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Pedogenesis (from the Greek: 'pedo- or pedon' meaning 'soil, earth' and genesis meaning 'origin, birth') is the science and study of the processes that lead to the formation of soil (soil evolution) [1] and first explored by the Russian geologist Vasily Dokuchaev (1846 – 1903), the so called grandfather of soil science, who determined that soil formed over time as a consequence of climatic, mineral and biological processes which he demonstrated using the soil forming equation:

Soil = f(C, PM, O) x time (where C = climate, PM = parent material, O = biological processes)

In 1941 the Swiss scientist Hans Jenny expanded Vasily Dokuchaev equation by adding relief/topology as a factor and separating the biological processes into the fauna and flora coming up with the equation:

Soil = f(C, PM, R, O, V,) x time (where C = climate, PM = parent material, R = relief/topology, O = fauna, V = flora)

Pedogenesis is though more a parent than a branch of pedology, whose other aspects include the soil morphology, classification (taxonomy) of soils, and their distribution in nature, present and past (soil geography and paleopedology).



Climate regulates soil formation. Soils are more developed in areas with higher rainfall and more warmth. The rate of chemical weathering increases by 2-3 times when the temperature increases by 10 degrees Celsius. Climate also affects which organisms are present, affecting the soil chemically and physically (movement of roots).


The organisms living in and on the soil form distinct soil types. Coniferous forests have acidic leaf litter and form what are known as inceptisols. Mixed or deciduous forests leave a larger layer of humus, changing the elements leeched and accumulated in the soil, forming alfisols. Prairies have very high humus accumulation, creating a dark, thick A horizon characteristic of mollisols.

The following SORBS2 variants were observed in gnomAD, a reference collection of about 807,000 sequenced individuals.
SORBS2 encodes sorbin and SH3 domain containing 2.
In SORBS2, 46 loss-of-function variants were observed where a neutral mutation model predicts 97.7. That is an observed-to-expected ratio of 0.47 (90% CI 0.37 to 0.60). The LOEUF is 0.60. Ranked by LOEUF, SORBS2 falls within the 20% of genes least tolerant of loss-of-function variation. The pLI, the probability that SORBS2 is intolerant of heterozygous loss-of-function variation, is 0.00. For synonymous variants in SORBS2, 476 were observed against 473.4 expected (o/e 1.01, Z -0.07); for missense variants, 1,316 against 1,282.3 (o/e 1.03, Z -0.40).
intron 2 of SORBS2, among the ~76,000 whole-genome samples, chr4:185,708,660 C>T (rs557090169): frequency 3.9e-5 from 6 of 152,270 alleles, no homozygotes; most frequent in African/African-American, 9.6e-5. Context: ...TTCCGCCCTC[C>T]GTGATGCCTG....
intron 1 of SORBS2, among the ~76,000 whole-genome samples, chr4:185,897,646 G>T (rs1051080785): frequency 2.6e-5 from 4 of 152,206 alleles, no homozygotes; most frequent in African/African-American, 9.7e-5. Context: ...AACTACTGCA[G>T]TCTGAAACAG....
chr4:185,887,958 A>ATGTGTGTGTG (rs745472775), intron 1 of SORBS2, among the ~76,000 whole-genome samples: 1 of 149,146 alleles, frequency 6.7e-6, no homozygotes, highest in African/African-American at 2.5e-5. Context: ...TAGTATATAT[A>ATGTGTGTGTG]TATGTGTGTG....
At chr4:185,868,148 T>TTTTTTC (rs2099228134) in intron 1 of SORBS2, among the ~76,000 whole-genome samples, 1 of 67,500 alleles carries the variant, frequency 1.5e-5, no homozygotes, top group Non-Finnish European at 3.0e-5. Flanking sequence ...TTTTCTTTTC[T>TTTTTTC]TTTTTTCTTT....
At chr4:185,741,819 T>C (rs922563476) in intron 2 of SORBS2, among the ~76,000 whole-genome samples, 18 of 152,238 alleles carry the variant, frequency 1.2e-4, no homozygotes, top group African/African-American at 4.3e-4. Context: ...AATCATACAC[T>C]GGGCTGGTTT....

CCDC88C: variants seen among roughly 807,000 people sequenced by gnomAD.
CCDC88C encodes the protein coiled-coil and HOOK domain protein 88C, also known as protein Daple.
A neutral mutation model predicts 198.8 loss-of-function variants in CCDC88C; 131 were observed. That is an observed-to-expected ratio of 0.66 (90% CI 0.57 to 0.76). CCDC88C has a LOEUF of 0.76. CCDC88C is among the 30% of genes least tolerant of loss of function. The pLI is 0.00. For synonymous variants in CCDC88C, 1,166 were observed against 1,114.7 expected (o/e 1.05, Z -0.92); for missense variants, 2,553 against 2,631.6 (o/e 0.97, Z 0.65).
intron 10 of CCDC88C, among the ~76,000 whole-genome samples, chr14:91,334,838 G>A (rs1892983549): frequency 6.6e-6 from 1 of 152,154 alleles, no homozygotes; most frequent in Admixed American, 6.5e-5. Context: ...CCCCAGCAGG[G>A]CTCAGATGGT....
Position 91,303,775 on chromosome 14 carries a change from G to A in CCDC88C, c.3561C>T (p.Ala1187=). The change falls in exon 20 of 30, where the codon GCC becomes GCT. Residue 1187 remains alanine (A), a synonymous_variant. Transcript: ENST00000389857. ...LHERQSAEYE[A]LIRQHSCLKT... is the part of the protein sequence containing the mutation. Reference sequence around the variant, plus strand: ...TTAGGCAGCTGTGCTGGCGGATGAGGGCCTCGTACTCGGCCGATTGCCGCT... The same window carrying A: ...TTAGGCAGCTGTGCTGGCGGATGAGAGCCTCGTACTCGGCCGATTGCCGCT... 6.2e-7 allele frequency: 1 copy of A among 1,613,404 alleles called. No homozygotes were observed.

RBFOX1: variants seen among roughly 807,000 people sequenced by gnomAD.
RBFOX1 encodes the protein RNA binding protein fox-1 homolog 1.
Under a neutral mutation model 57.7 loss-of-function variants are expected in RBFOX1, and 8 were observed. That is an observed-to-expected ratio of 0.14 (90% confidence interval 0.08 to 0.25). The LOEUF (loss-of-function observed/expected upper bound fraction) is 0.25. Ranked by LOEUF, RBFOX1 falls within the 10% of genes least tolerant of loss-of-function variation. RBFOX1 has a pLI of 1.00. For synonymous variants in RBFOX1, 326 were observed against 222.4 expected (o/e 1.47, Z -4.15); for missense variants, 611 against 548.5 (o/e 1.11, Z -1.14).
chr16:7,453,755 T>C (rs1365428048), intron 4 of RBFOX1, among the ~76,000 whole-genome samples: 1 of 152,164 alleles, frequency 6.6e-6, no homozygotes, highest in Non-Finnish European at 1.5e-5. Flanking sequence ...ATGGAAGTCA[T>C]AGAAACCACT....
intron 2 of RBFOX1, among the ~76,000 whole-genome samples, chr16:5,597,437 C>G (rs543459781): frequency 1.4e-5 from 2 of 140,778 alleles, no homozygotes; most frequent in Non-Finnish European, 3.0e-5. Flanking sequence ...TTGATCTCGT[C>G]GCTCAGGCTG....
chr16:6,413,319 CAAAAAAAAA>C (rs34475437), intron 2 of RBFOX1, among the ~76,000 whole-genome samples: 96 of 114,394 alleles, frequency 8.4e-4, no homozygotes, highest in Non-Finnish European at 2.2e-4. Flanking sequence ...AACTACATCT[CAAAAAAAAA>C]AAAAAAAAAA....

For example three species of land snails in the genus Euchondrus in the Negev desert are noted for eating lichens growing under the surface limestone rocks and slabs (endolithic lichens).[2] They disrupt and eat the limestone.[2] Their grazing resulting in the weathering of the stones, and the subsequent formation of soil.[2] They have a significant effect on the region: the total population of snails is estimated to process between 0.7 and 1.1 metric ton per hectare per year of limestone in the Negev desert.[2]

Parent material

The rock from which soil is formed is called parent material. The main types are: aeolian, glacial till, glacial outwash, alluvium, lacustrine parent material and residual parent material, or bedrock.

Pedologists use the following generic functional relationship for understanding soil formation:[3]

s = f (cl, o, r, p, t, ...)

where s - soil properties; cl - regional climate; o - potential biota; r - topography; p - parent material; t - time; ... - additional variables.


A variety of mechanisms contribute to soil formation, including siltation, erosion, overpressure and lakebed succession. A specific example of the evolution of soils in prehistoric lake beds is in the Makgadikgadi Pans of the Kalahari Desert, where change in an ancient river course led to millennia of salinity buildup and formation of calcretes and silcretes.[4]

See also


  1. ^ Stanley W. Buol, F.D. Hole and R.W. McCracken. 1997
  2. ^ a b c d Odling-Smee F. J., Laland K. N. & Feldman M. W. (2003). "Niche Construction: The Neglected Process in Evolution (MPB-37)". Princeton University Press. 468 pp. HTM, PDF. Chapter 1. page 7-8.
  3. ^ Hans Jenny. 1994
  4. ^ C. Michael Hogan. 2008